These States Now Require Students To Learn About Personal Finance
Americans struggle with financial literacy, and it’s rooted in how they’re exposed to money from childhood on.
A widely cited study by Standard and Poor’s in 2016 found that only 57% of adults in the United States are financially literate, meaning they understand three out of four fundamental concepts for financial decision-making.
Now, states are stepping in to require students to learn more about personal finance at school.
Florida, Nebraska, Ohio and Rhode Island have all recently passed laws making personal finance courses a graduation requirement for high schoolers. The push comes after the coronavirus pandemic wreaked havoc on the American economy and flipped the financial well-being of many Americans upside down.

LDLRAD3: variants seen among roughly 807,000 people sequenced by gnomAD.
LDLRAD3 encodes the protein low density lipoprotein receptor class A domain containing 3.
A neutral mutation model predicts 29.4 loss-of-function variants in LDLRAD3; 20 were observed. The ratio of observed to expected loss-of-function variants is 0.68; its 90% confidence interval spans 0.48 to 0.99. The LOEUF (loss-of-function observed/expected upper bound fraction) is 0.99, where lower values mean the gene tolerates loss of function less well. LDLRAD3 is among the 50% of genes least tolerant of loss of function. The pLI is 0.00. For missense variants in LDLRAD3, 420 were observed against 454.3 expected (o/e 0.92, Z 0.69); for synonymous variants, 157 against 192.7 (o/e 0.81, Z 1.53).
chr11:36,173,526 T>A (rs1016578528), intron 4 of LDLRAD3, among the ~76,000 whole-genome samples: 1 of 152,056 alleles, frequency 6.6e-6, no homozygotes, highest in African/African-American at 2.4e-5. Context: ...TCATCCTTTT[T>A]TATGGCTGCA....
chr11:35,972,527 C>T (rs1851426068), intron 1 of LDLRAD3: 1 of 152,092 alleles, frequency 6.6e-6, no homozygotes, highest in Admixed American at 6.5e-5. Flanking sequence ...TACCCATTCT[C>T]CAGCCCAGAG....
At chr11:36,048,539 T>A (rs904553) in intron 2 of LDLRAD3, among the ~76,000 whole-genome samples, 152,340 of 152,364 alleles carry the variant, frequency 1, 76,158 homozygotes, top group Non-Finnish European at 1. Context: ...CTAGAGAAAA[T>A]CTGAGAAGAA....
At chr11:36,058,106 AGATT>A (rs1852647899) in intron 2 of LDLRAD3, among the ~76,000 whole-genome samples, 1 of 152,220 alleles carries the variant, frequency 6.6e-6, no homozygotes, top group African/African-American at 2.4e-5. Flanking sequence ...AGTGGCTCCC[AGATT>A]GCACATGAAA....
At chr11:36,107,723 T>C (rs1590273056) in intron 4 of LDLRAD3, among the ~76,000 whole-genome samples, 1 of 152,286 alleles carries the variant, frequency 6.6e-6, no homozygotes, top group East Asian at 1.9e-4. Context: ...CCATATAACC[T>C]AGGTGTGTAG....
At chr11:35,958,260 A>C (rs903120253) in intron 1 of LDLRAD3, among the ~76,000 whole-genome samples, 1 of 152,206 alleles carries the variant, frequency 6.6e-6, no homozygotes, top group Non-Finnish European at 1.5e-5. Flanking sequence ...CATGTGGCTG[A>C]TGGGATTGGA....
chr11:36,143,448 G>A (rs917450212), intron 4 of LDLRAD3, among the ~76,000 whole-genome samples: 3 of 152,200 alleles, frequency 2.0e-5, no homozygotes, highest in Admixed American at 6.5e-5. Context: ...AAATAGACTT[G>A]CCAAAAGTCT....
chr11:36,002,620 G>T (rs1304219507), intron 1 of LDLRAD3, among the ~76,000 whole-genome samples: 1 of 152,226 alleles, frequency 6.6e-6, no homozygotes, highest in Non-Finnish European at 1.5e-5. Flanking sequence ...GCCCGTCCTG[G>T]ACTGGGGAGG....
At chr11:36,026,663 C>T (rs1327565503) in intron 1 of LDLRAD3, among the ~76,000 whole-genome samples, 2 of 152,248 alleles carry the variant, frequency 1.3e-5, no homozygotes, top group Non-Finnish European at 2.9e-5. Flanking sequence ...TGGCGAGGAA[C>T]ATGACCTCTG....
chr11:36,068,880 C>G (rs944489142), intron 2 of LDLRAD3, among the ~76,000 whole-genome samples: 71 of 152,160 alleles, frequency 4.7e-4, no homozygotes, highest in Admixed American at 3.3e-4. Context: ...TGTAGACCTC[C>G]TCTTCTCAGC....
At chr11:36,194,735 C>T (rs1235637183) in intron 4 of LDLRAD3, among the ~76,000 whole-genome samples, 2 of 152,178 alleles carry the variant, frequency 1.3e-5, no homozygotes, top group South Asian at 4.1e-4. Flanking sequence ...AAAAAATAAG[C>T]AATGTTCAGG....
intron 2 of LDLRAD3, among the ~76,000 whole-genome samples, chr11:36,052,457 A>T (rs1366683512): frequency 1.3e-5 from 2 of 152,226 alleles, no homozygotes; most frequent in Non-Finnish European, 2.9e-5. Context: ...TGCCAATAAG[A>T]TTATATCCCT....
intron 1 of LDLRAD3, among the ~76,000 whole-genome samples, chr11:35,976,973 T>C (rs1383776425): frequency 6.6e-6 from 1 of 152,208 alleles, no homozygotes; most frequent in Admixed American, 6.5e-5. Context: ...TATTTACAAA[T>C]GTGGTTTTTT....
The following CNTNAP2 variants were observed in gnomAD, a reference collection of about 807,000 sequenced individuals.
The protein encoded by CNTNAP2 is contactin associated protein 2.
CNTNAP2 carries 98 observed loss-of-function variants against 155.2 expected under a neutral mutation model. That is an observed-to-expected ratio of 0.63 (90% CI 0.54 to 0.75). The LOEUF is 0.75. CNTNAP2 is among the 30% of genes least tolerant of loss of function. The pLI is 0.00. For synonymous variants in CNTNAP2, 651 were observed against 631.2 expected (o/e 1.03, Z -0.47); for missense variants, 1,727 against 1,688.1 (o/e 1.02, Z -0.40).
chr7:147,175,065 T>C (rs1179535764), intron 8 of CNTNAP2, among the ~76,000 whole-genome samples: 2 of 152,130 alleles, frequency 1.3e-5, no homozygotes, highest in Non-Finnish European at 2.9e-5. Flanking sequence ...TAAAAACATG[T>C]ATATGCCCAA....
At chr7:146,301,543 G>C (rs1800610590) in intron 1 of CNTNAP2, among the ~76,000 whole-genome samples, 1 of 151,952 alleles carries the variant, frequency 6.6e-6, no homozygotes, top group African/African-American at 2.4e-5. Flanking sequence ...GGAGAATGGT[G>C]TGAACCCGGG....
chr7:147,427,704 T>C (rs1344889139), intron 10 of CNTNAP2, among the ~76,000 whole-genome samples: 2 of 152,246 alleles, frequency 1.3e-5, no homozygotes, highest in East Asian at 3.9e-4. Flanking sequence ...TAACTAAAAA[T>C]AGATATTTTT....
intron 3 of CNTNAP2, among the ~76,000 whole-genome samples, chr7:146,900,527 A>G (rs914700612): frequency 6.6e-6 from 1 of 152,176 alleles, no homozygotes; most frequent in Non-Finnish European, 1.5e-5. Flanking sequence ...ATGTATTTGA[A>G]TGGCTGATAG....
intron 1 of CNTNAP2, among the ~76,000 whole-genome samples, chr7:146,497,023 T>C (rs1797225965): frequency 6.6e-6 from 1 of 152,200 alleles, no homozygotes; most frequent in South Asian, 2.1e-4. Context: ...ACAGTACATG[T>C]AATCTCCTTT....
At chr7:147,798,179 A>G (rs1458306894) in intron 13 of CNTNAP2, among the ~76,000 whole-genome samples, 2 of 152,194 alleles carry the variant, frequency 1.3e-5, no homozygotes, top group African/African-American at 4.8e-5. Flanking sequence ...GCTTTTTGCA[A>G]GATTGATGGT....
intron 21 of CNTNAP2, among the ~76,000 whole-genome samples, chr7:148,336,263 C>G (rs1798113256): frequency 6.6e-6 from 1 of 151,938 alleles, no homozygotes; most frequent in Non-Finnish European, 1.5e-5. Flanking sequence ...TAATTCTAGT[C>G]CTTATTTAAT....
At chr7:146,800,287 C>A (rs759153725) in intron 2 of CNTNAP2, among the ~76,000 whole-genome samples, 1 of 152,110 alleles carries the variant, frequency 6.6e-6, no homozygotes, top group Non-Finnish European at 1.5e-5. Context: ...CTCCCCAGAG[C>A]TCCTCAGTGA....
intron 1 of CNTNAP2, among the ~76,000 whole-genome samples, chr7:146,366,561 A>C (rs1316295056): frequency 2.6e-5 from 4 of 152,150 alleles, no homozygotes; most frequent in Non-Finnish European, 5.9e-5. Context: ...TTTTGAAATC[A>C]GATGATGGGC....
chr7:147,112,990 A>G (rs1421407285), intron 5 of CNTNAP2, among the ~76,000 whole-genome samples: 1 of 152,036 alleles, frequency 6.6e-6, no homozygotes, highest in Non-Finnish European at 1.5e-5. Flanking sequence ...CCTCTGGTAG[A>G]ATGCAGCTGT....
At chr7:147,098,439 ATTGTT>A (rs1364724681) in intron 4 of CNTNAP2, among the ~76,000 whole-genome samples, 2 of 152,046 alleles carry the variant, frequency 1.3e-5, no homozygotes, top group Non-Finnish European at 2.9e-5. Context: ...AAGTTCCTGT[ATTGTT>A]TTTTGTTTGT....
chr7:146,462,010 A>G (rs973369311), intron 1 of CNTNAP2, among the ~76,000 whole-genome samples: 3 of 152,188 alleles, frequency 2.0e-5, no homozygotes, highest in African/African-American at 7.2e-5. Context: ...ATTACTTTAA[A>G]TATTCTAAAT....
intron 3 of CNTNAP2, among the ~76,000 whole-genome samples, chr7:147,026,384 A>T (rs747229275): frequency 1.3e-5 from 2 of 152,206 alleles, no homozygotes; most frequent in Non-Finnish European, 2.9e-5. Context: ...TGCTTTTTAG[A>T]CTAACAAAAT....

“The pandemic brought to light how important managing your money is because so many had to cut back or lost their jobs,” says Leigh Singleton, director of Monifi Bank MoneyMoments, a consumer financial education program. “It’s an important topic to teach our kids.”
Only 7 U.S. States Require Students to Learn About Personal Finance
Alabama, Mississippi, Missouri, North Carolina, Tennessee, Utah and Virginia require high school students to take at least one semester of a personal finance course before graduation; one is currently implementing the requirement (Iowa); and four (Florida, Nebraska, Ohio and Rhode Island) are preparing to implement it in the near future.
Florida is the most recent—and largest—state to make personal finance classes a graduation requirement. Starting in the 2023-2024 school year, students entering high school will be required to take a half-credit personal finance course before they graduate.
The course will teach students money management essentials including how to open and manage a bank account, basic principles of money management and how to complete a loan application.
But while only seven states mandate personal finance classes as a graduating requirement,